“Global Action Plan” Urgently Needed to Bring the 2019-nCoV Under Control, Say Georgetown Global Health Experts
WASHINGTON (January 30, 2020) — The World Health Organization should facilitate a multidisciplinary committee to develop a “global action plan” to help bring the 2019-nCoV outbreak under control, say three Georgetown University global health security and law experts.
Writing in JAMA, published online today, the Georgetown trio, who have worked on and studied global health governance for large outbreaks including SARS, Ebola and Zika, say employing traditional public health strategies to manage the outbreak requires international cooperation and solidarity.
The novel coronavirus, first identified in December 2019, is known to have sickened several thousand people around the world, primarily in China where it emerged. More than a hundred deaths are attributed to the ongoing disease outbreak.
The senior author of the JAMA Viewpoint article, Lawrence Gostin, JD, faculty director of the O’Neill Institute for National and Global Health Law at Georgetown law, says hard-learned lessons from the 2003 outbreak of SARS, a similar respiratory infection, are not being fully deployed.
“As a global health community, we know what it takes to control an outbreak like the one we’re experiencing now,” says Gostin. “But again, like with other outbreaks, we’re witnessing what happens when countries aren’t fully prepared or fully transparent in their strategies. We’re left playing catch-up. In addition, we need the WHO to use its global health leadership to declare a public health emergency of international concern so that we can see a full mobilization of financial and technical assistance.”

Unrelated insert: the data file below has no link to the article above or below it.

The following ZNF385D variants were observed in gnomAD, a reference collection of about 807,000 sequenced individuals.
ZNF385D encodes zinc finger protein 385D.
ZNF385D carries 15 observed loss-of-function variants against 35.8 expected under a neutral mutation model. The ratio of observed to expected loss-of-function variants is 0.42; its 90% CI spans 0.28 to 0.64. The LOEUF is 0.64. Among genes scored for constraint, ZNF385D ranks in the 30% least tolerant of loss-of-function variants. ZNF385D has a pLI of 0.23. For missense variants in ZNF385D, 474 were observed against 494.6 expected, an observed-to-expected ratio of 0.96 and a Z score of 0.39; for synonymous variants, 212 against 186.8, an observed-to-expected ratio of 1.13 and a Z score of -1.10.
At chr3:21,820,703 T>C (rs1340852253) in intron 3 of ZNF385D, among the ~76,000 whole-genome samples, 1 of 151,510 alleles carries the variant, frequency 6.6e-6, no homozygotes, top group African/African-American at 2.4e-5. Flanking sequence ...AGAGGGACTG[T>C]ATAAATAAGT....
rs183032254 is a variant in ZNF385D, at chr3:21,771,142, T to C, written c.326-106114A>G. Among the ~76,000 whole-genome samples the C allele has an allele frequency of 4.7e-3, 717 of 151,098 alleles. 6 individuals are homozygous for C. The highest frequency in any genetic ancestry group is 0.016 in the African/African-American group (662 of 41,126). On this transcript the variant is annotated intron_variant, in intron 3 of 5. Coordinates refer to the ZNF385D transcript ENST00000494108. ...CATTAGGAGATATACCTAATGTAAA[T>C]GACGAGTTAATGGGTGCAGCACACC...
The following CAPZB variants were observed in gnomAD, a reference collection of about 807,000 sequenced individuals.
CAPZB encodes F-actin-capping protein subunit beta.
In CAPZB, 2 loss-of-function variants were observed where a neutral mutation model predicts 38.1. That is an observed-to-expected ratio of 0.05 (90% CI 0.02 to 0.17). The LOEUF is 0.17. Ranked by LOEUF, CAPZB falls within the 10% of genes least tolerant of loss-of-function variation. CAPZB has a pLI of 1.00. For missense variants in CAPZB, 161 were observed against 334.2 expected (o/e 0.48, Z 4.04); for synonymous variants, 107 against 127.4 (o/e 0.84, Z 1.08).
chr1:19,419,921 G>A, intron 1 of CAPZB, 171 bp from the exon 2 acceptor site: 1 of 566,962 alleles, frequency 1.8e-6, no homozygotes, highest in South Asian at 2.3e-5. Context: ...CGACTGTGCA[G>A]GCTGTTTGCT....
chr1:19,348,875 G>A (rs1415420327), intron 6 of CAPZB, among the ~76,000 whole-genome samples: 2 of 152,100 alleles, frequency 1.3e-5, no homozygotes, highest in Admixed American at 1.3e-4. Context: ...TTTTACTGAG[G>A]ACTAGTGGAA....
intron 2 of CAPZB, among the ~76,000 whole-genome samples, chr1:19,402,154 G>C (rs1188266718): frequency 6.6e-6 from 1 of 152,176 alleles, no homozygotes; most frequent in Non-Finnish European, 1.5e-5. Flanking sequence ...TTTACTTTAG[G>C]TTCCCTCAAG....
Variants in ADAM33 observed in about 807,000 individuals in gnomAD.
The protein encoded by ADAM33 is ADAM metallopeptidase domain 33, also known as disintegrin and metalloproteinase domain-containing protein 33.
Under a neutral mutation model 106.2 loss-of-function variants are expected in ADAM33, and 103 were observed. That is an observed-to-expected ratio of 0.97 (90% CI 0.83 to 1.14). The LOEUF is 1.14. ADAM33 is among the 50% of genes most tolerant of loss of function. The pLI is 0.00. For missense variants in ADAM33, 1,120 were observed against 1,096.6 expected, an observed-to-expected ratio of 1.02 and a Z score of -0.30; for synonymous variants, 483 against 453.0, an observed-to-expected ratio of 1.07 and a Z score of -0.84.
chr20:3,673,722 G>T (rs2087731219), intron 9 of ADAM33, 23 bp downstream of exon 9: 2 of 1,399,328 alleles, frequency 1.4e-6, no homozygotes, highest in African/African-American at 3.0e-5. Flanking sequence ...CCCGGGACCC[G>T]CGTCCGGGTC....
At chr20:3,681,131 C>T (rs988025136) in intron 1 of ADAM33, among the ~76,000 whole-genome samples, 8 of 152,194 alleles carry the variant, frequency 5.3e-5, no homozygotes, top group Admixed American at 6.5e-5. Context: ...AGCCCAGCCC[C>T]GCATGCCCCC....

Joining Gostin in the call for a global action plan are Alexandra Phelan, SJD, LLM, LLB, a faculty member of Georgetown’s Center for Global Health Science and Security, and Rebecca Katz, PhD, MPH, professor and director of the Georgetown Center for Global Health Science and Security.
Phelan, Katz and Gostin write that the global action plan must include surveillance, contact investigations, testing and treatment, and provide a way of transparently sharing scientific information. The plan also should build in actions to foster public trust and cooperation, and incentivize academia and industry to develop vaccines and antiviral medications.
“While China has considerable resources and technical competence, containment of 2019nCoV requires a coordinated international response,” they write.
“Reacting after a novel infection has spread widely (perhaps over-reacting with travel bans and quarantines) costs lives, economic resources and the well-being of millions of people currently cordoned off in a zone of contagion.”
To arrange an interview with Phelan, Katz and/or Gostin, please contact Karen Teber at email@example.com.